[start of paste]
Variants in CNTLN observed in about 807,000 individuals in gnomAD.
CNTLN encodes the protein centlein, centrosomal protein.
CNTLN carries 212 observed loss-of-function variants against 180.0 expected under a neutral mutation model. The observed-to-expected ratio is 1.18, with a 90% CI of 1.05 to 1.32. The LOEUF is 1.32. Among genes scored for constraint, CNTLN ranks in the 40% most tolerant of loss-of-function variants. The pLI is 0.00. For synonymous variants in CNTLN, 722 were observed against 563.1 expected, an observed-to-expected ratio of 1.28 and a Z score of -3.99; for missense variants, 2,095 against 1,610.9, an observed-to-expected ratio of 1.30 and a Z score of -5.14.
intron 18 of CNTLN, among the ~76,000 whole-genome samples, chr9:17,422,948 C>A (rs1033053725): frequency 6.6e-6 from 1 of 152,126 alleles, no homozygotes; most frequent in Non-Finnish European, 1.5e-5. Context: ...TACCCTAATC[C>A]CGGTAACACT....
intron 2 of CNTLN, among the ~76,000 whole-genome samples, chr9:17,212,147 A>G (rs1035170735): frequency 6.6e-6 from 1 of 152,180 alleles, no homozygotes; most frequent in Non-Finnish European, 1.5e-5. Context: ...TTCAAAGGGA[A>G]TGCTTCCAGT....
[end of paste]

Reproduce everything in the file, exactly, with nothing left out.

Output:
Variants in CNTLN observed in about 807,000 individuals in gnomAD.
CNTLN encodes the protein centlein, centrosomal protein.
CNTLN carries 212 observed loss-of-function variants against 180.0 expected under a neutral mutation model. The observed-to-expected ratio is 1.18, with a 90% CI of 1.05 to 1.32. The LOEUF is 1.32. Among genes scored for constraint, CNTLN ranks in the 40% most tolerant of loss-of-function variants. The pLI is 0.00. For synonymous variants in CNTLN, 722 were observed against 563.1 expected, an observed-to-expected ratio of 1.28 and a Z score of -3.99; for missense variants, 2,095 against 1,610.9, an observed-to-expected ratio of 1.30 and a Z score of -5.14.
intron 18 of CNTLN, among the ~76,000 whole-genome samples, chr9:17,422,948 C>A (rs1033053725): frequency 6.6e-6 from 1 of 152,126 alleles, no homozygotes; most frequent in Non-Finnish European, 1.5e-5. Context: ...TACCCTAATC[C>A]CGGTAACACT....
intron 2 of CNTLN, among the ~76,000 whole-genome samples, chr9:17,212,147 A>G (rs1035170735): frequency 6.6e-6 from 1 of 152,180 alleles, no homozygotes; most frequent in Non-Finnish European, 1.5e-5. Context: ...TTCAAAGGGA[A>G]TGCTTCCAGT....